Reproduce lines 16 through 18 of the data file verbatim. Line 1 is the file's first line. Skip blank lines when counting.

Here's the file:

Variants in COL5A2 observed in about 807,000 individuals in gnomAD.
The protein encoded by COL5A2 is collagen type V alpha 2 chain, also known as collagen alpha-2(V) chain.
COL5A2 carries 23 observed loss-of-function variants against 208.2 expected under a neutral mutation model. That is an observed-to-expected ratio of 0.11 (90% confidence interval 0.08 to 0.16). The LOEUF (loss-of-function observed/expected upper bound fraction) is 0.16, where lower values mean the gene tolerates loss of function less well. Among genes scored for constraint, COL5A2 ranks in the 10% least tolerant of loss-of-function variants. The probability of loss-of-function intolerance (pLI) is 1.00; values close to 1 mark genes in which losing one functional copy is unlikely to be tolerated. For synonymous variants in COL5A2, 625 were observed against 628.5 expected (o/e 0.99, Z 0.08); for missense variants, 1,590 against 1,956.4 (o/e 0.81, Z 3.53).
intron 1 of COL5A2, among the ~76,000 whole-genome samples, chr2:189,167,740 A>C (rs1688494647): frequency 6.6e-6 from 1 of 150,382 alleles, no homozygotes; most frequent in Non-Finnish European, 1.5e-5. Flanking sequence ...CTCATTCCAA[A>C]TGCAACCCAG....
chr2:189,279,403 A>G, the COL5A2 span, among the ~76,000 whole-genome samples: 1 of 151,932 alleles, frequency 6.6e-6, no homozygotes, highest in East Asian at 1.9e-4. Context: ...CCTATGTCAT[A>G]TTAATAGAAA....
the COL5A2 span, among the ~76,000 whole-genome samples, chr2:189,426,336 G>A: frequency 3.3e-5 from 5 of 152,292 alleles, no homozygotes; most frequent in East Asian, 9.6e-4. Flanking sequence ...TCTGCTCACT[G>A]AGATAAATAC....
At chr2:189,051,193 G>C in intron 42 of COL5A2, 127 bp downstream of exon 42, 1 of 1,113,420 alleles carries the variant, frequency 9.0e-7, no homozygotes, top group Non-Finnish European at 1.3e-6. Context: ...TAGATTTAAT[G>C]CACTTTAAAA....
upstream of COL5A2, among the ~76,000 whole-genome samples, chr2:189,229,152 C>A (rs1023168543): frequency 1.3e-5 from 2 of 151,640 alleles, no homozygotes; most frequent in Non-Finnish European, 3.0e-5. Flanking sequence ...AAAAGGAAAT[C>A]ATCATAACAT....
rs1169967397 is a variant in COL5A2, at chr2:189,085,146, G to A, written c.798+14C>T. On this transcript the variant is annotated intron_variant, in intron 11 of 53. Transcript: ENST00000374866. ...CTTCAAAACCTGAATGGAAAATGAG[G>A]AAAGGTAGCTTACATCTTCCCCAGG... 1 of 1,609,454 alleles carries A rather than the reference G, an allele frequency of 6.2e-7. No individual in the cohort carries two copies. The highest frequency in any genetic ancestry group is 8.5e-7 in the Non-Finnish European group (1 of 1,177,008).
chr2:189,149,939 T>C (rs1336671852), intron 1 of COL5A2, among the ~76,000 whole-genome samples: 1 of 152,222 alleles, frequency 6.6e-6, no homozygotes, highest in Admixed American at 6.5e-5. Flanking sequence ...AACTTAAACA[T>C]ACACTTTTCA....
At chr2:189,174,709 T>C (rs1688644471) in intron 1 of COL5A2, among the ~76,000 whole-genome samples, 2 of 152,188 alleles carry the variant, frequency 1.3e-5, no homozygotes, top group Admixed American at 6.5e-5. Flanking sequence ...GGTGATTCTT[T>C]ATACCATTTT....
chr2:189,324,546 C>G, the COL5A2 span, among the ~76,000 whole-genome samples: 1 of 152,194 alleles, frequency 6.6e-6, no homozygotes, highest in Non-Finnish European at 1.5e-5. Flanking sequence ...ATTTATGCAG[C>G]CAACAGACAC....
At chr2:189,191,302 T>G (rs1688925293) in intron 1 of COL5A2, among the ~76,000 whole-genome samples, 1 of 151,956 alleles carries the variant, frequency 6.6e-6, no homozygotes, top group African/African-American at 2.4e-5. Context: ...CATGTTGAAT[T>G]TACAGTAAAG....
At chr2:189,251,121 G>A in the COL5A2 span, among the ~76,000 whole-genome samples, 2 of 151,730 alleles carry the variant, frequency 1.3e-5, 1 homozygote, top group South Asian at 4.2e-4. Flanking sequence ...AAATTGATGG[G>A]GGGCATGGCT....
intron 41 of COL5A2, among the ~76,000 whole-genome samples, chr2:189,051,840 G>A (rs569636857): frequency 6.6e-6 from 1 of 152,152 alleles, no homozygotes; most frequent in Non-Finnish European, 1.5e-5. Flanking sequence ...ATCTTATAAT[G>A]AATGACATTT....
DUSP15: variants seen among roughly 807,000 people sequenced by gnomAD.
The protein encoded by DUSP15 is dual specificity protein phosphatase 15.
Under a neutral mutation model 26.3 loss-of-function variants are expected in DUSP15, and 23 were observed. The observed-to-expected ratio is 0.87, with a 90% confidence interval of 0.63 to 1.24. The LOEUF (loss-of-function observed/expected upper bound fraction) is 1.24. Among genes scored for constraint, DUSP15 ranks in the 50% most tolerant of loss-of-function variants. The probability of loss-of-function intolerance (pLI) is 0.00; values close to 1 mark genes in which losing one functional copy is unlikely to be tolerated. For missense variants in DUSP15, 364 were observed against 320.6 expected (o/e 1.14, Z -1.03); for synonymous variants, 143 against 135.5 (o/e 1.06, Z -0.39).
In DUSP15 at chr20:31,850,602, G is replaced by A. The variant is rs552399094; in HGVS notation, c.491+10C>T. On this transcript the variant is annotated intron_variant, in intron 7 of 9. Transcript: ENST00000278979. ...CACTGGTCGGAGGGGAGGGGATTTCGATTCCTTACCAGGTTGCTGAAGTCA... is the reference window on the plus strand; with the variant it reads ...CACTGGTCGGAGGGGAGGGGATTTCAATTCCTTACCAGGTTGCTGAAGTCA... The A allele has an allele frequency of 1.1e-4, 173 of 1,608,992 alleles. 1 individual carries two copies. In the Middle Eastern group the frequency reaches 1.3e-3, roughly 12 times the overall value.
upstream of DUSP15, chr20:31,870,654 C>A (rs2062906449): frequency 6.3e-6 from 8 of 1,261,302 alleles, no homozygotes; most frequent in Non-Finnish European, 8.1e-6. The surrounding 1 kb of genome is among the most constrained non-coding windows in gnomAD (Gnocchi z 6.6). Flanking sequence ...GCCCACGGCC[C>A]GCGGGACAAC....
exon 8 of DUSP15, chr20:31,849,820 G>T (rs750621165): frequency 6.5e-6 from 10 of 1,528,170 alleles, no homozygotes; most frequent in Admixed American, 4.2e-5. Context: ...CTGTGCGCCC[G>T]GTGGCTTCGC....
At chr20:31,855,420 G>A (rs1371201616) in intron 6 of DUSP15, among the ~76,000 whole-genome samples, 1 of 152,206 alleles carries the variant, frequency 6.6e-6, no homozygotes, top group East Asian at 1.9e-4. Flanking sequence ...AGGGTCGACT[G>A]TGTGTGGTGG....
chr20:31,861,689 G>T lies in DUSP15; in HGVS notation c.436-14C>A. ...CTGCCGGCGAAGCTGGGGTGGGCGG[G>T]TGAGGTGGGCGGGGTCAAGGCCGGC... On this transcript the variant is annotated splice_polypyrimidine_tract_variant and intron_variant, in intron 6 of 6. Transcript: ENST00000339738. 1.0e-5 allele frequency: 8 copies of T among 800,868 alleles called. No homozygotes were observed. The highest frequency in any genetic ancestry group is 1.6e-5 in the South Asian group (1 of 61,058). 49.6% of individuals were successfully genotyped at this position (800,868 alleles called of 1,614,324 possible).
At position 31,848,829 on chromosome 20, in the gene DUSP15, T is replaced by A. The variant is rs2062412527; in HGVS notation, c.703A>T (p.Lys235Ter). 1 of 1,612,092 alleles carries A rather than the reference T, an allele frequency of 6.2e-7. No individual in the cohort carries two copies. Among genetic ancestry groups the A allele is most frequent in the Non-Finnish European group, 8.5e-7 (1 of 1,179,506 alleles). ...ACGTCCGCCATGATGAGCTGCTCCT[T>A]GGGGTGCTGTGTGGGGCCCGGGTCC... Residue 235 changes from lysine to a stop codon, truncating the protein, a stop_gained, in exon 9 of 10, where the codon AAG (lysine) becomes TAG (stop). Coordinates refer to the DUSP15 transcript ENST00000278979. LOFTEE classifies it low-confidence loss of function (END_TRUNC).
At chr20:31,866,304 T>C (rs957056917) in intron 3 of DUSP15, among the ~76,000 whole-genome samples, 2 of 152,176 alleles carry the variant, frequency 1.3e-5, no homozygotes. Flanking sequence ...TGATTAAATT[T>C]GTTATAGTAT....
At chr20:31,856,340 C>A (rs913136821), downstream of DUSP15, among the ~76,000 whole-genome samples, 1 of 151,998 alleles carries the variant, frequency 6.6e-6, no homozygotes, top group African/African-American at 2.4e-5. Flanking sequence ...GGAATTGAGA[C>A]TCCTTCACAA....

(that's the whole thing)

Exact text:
DUSP15: variants seen among roughly 807,000 people sequenced by gnomAD.
The protein encoded by DUSP15 is dual specificity protein phosphatase 15.
Under a neutral mutation model 26.3 loss-of-function variants are expected in DUSP15, and 23 were observed. The observed-to-expected ratio is 0.87, with a 90% confidence interval of 0.63 to 1.24. The LOEUF (loss-of-function observed/expected upper bound fraction) is 1.24. Among genes scored for constraint, DUSP15 ranks in the 50% most tolerant of loss-of-function variants. The probability of loss-of-function intolerance (pLI) is 0.00; values close to 1 mark genes in which losing one functional copy is unlikely to be tolerated. For missense variants in DUSP15, 364 were observed against 320.6 expected (o/e 1.14, Z -1.03); for synonymous variants, 143 against 135.5 (o/e 1.06, Z -0.39).